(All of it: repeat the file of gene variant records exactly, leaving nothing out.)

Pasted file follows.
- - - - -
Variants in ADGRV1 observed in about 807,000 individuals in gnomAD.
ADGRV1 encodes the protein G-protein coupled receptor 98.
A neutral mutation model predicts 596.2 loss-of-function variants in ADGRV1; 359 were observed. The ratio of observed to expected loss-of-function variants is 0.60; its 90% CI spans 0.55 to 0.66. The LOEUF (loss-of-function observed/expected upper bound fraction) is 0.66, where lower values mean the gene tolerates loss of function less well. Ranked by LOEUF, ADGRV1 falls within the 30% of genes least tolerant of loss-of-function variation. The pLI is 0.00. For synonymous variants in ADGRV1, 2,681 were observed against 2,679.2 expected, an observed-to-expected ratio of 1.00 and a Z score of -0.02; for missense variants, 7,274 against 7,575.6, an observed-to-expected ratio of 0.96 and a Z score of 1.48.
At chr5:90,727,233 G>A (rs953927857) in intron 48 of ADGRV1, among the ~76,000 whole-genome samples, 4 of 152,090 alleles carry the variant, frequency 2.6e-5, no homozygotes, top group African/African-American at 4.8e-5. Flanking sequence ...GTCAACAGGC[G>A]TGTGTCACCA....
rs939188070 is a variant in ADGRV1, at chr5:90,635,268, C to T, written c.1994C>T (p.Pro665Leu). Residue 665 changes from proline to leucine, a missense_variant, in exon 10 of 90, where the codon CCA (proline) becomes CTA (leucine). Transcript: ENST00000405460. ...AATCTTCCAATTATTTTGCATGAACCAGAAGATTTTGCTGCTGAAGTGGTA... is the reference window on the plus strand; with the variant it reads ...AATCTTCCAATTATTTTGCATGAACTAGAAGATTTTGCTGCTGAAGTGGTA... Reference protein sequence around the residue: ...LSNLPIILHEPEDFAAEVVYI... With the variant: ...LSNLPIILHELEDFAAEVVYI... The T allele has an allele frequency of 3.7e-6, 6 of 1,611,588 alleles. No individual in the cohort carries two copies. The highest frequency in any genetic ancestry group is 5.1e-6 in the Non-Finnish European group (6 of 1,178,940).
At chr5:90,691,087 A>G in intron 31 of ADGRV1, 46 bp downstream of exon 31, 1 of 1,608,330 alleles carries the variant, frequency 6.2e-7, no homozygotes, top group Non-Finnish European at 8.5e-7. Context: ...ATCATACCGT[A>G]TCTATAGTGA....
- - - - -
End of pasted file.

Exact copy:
Variants in ADGRV1 observed in about 807,000 individuals in gnomAD.
ADGRV1 encodes the protein G-protein coupled receptor 98.
A neutral mutation model predicts 596.2 loss-of-function variants in ADGRV1; 359 were observed. The ratio of observed to expected loss-of-function variants is 0.60; its 90% CI spans 0.55 to 0.66. The LOEUF (loss-of-function observed/expected upper bound fraction) is 0.66, where lower values mean the gene tolerates loss of function less well. Ranked by LOEUF, ADGRV1 falls within the 30% of genes least tolerant of loss-of-function variation. The pLI is 0.00. For synonymous variants in ADGRV1, 2,681 were observed against 2,679.2 expected, an observed-to-expected ratio of 1.00 and a Z score of -0.02; for missense variants, 7,274 against 7,575.6, an observed-to-expected ratio of 0.96 and a Z score of 1.48.
At chr5:90,727,233 G>A (rs953927857) in intron 48 of ADGRV1, among the ~76,000 whole-genome samples, 4 of 152,090 alleles carry the variant, frequency 2.6e-5, no homozygotes, top group African/African-American at 4.8e-5. Flanking sequence ...GTCAACAGGC[G>A]TGTGTCACCA....
rs939188070 is a variant in ADGRV1, at chr5:90,635,268, C to T, written c.1994C>T (p.Pro665Leu). Residue 665 changes from proline to leucine, a missense_variant, in exon 10 of 90, where the codon CCA (proline) becomes CTA (leucine). Transcript: ENST00000405460. ...AATCTTCCAATTATTTTGCATGAACCAGAAGATTTTGCTGCTGAAGTGGTA... is the reference window on the plus strand; with the variant it reads ...AATCTTCCAATTATTTTGCATGAACTAGAAGATTTTGCTGCTGAAGTGGTA... Reference protein sequence around the residue: ...LSNLPIILHEPEDFAAEVVYI... With the variant: ...LSNLPIILHELEDFAAEVVYI... The T allele has an allele frequency of 3.7e-6, 6 of 1,611,588 alleles. No individual in the cohort carries two copies. The highest frequency in any genetic ancestry group is 5.1e-6 in the Non-Finnish European group (6 of 1,178,940).
At chr5:90,691,087 A>G in intron 31 of ADGRV1, 46 bp downstream of exon 31, 1 of 1,608,330 alleles carries the variant, frequency 6.2e-7, no homozygotes, top group Non-Finnish European at 8.5e-7. Context: ...ATCATACCGT[A>G]TCTATAGTGA....